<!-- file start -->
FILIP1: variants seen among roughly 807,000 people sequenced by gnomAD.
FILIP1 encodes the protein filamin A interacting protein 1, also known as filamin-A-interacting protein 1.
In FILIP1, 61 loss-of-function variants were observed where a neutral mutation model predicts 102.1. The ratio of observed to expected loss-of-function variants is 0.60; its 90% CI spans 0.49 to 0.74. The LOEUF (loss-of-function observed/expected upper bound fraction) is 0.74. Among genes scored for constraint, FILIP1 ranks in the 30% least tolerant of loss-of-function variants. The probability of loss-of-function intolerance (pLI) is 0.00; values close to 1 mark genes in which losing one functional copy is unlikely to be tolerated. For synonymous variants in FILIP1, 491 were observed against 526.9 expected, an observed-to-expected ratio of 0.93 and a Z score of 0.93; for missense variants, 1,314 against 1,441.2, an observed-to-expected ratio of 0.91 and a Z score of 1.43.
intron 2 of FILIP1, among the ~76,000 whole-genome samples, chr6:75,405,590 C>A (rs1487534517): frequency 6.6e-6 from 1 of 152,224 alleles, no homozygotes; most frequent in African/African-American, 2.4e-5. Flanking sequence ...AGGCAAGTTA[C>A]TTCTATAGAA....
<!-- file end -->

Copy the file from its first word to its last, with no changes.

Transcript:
FILIP1: variants seen among roughly 807,000 people sequenced by gnomAD.
FILIP1 encodes the protein filamin A interacting protein 1, also known as filamin-A-interacting protein 1.
In FILIP1, 61 loss-of-function variants were observed where a neutral mutation model predicts 102.1. The ratio of observed to expected loss-of-function variants is 0.60; its 90% CI spans 0.49 to 0.74. The LOEUF (loss-of-function observed/expected upper bound fraction) is 0.74. Among genes scored for constraint, FILIP1 ranks in the 30% least tolerant of loss-of-function variants. The probability of loss-of-function intolerance (pLI) is 0.00; values close to 1 mark genes in which losing one functional copy is unlikely to be tolerated. For synonymous variants in FILIP1, 491 were observed against 526.9 expected, an observed-to-expected ratio of 0.93 and a Z score of 0.93; for missense variants, 1,314 against 1,441.2, an observed-to-expected ratio of 0.91 and a Z score of 1.43.
intron 2 of FILIP1, among the ~76,000 whole-genome samples, chr6:75,405,590 C>A (rs1487534517): frequency 6.6e-6 from 1 of 152,224 alleles, no homozygotes; most frequent in African/African-American, 2.4e-5. Flanking sequence ...AGGCAAGTTA[C>A]TTCTATAGAA....